That’s an interesting aspect of how your personal life and work permeate your Commercial work. Have other planes evoked similar responses and memories?
In fact, yes. A few years ago I was asked to help out on the concept push for Kaladesh, a world loosely based around many of the aesthetic elements of traditional Indian art and culture. I actually spent several years in India when I was very young, and that part of my life deeply affected me and my tastes as an artist. I had many dreams of that time over the years, and my real memories blended in with my imagined ones and I created an idea of an archetypal ‘India’ from my childhood without ever seeing it again.
When it came time to help concept Kaladesh, it reawakened all of these latent imaginations and it was very exciting – although brief – to work on that. Not long afterward I returned to India for the first time in about 25 years. The reality, of course, was starkly juxtaposed against the backdrop of my own fantasy – and that in itself brought up a fascinating and complex series of questions for me; about the nature of art, illustration, and its connection to the world we live in.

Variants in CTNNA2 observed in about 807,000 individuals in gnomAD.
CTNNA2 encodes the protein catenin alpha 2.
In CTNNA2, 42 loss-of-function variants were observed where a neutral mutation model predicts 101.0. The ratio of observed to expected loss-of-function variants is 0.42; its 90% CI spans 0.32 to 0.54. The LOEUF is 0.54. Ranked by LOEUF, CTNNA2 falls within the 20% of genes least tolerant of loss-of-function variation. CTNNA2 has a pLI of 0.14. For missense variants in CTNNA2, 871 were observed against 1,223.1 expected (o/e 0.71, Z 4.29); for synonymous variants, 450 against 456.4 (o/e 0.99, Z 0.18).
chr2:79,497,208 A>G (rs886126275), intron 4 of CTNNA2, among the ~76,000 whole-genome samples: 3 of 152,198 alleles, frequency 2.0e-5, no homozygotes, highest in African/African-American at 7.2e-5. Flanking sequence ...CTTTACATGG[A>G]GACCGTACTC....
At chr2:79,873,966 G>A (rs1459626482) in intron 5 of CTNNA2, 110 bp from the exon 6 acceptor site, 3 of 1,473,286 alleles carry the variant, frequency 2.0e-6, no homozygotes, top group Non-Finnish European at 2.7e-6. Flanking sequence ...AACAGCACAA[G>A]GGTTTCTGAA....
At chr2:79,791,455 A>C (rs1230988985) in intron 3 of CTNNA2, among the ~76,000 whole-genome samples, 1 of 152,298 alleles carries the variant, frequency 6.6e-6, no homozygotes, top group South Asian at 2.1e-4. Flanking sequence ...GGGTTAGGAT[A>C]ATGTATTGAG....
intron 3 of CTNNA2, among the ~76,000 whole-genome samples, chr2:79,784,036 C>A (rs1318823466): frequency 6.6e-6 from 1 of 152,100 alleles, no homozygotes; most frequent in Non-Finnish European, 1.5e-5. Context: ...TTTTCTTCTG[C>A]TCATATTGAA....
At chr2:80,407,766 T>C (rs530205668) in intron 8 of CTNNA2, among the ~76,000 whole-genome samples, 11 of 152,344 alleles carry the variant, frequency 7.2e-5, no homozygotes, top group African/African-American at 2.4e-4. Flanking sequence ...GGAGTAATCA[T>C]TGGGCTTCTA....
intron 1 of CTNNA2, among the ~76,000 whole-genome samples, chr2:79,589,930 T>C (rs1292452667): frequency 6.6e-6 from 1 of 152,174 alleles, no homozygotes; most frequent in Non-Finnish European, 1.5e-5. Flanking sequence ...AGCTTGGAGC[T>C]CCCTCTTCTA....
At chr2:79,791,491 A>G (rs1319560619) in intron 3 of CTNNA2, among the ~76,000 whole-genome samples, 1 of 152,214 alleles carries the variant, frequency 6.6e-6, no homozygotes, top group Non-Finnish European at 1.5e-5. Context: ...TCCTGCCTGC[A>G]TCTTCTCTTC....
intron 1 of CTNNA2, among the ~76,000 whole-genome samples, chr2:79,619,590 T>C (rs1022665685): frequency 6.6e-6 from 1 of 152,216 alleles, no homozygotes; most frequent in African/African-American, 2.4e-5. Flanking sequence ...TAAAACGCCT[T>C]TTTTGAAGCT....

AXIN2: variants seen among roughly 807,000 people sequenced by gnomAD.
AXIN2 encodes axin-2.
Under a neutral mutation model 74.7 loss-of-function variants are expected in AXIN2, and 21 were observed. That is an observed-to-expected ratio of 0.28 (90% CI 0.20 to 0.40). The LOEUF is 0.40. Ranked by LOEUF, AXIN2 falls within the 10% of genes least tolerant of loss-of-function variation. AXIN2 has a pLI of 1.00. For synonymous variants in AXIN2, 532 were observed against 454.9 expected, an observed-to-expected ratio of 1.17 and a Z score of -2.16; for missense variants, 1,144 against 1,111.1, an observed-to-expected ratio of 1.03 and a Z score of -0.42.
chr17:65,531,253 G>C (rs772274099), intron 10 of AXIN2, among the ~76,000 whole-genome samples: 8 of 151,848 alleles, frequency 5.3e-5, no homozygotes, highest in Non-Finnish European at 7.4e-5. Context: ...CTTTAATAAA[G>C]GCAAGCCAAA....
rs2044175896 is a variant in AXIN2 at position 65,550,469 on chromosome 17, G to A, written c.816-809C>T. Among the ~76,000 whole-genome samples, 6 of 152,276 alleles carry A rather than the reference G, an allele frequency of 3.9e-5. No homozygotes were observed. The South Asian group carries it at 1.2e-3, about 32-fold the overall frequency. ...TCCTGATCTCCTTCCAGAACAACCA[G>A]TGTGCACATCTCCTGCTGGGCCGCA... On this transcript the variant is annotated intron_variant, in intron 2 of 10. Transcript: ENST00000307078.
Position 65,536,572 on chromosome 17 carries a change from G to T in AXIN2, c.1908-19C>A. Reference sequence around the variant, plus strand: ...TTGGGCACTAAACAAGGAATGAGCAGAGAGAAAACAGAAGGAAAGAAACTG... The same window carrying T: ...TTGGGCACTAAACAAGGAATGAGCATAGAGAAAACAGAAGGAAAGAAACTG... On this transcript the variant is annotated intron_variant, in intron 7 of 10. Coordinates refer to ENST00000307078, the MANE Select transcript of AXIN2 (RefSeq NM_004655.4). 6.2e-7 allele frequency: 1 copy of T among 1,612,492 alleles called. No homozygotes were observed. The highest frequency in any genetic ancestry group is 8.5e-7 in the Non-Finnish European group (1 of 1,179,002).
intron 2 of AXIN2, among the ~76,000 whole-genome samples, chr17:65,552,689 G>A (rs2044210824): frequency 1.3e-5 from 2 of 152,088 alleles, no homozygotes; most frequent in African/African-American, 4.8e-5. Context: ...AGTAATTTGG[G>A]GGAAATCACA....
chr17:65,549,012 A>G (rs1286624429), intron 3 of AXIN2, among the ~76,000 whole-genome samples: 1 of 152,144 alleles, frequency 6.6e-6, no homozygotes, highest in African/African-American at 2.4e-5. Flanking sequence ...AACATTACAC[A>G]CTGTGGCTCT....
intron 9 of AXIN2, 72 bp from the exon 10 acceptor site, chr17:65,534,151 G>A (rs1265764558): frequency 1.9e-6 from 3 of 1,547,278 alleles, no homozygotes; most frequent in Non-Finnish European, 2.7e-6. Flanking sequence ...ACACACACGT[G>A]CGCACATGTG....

Of the work you made for Magic, can you name some favorites?
I have two favorite pieces for Magic: The one I just finished, and the one I’m just about to start. My least favorite is the one I’m working on at the time! In all seriousness, it is difficult to choose a favorite, because I don’t really see them as a finished painting, I see them as a complex combination of process, frustration, input, the things going on in my life at the time – and then maybe the result itself.
The ones I think are ‘successful’ often go unnoticed by fans, and the ones I am most frustrated with become the most popular (often simply due to good card mechanics). Should I like a piece because I’m happy with it, or because my audience is happy with it? A few of the cards I remember being pleased with at the time I finished them were:
My first card (Island, Innistrad), Command Tower, Basic Forest/Ravnica, Full art basics from Battle for Zendikar, and Jace’s Sanctum.
We thank Adam for his time and kindness.
You can learn more about Adam’s paintings on his website . He also hangs out on Twitter, Instagram and Facebook.
You can also order some cool prints from Adam here.
Welcome to our MTG Artists Interview series There's no Magic without art. For this week's interview, we talked with AdRead More